Possible demotivating factors for COVID-19-linked medical negligence/malpractice cases
14 Jun 2021
During the first wave of infections in South Africa, there were several allegations of negligence in various institutions leading to “mass infections”, for example, amongst others, the Saint Augustine Private Hospital incident in KwaZulu-Natal, Durban. In addition, there were reported incidents of delayed COVID-19 test results and misdiagnoses which could potentially lead to fierce litigation. For these reasons, COVID-19-linked medical negligence/malpractice claims were expected. However, this has not been the case. This is despite apparent instances of potential medical malpractice claims – there were videos and pictures trending on various social media platforms where patients were lying and sleeping on the floor, crying for help without assistance and dying whilst waiting in long queues at the hospitals. The expectations were also based on the fact that, generally, in South Africa, medical negligence/malpractice cases are rife as our courts deal with hundreds of such cases daily. It is therefore necessary to zoom into the possible factors that may be discouraging potential claimants from claiming, where circumstances permitted.
There are several possible dissuading factors which include the following:
Medical negligence/malpractice legal matters naturally become litigious, mostly, unnecessarily so. Litigation involves exorbitant costs and, as many people have either lost jobs/business, they are likely to spend sparingly particularly with the ongoing financial/economic turmoil. Ordinarily, people do not have the financial muscle to robustly litigate. Also, whilst some law firms take such legal instructions on a contingency basis (“no win no fee basis”), most firms have not been spared the financial adversities brought by the pandemic. Thus, financial restrictions may be regarded as one dissuading factor.
Legal expert’s reluctance
There are many reasons why most legal experts may be reluctant to take such cases. One has been mentioned above i.e financial constraints resulting in the inability to finance lengthy and costly legal cases. Secondly, lawyers do not have a direct point of reference in COVID-19 linked medical negligence/malpractice cases as there have not been many (if any) COVID-19-linked medical negligence/malpractice cases. This means that if a lawyer has a potential case of this nature, he/she does not have any direct legal precedents or settled legal principles to utilise in assessing and evaluating the chances of success. As a consequence, lawyers are hamstrung. This suggests that should there be one successful case of this nature, we may then see exponential growth in these cases. Moreover, lawyers may be hesitant to litigate on such matters as the chances of success may be slim, although the peculiar facts of each case will dictate chances of success. There may be a reasonable belief that most COVID-19 directly linked court cases will not have a high rate of success. This is because the courts may be inclined to consider factors that may lead to leniency being shown to health institutions or the various departments of health. These factors include the fact that medical personnel have been operating under severe pressure, stress, fear and not all is known about this virus, etc.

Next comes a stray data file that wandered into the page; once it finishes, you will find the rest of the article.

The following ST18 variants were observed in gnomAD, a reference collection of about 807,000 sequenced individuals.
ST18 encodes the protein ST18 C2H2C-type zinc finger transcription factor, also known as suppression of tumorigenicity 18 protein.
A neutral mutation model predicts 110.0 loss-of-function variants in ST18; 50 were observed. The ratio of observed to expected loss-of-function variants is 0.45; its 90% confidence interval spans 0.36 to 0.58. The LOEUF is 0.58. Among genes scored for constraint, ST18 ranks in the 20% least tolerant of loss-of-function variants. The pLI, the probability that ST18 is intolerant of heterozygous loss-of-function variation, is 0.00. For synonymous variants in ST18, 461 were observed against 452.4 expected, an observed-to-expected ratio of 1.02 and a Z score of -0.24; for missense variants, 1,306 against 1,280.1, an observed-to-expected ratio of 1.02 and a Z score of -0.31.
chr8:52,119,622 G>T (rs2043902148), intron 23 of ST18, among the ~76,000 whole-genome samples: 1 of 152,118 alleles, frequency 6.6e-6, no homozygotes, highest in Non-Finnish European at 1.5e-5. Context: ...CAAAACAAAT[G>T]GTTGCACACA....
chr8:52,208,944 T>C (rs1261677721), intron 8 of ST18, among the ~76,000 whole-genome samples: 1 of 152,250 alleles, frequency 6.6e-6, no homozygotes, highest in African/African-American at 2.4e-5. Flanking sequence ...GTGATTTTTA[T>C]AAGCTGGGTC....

Inability to access relevant documentation and details
COVID-19 restrictions and protocols have, among other things, deprived people of their freedom of movement. Regrettably, people are not able to visit their loved ones during their hospitalisation. The effect of this is that the potential claimants are unable to extensively delineate all the relevant facts which may be necessary to prove negligence/malpractice on the part of a hospital. Thus, if a COVID-19 patient dies in hospital and the dependants want to sue for loss of support, they have little to no concrete evidence to demonstrate negligence. Further, the restrictions, especially in hospitals, may have made it difficult for potential claimants to access hospital records and the pertinent clinical notes. In medical negligence/malpractice, these are the most crucial documents in proving negligence/malpractice. In their absence, it is almost impossible to institute legal action. Furthermore, there is a high probability that in most health institutions, the record-keeping systems are in a bad state. This is usually the case with public hospitals and, with the severe stress and pressure under which medical personnel have been working, the systems may have crumbled and there may not have been proper filing of records.
These are some of the many possible dissuading factors insofar as COVID-19-linked medical negligence/malpractice cases are concerned. Whilst there have not been many (if any) court cases of this nature, there is still a chance that one successful case may trigger a plethora of cases. While there are no settled direct legal principles relating to COVID-19-linked medical negligence/malpractice cases (at least in our South African jurisprudence), claimants and lawyers alike should not be discouraged from instituting legal action where circumstances permit. Failure to do so may lead to a greater miscarriage of justice and lawyers would have failed in their crucial duties, which is to facilitate and bring justice to the most vulnerable.
See also:(This article is provided for informational purposes only and not for the purpose of providing legal advice. For more information on the topic, please contact the author/s or the relevant provider.)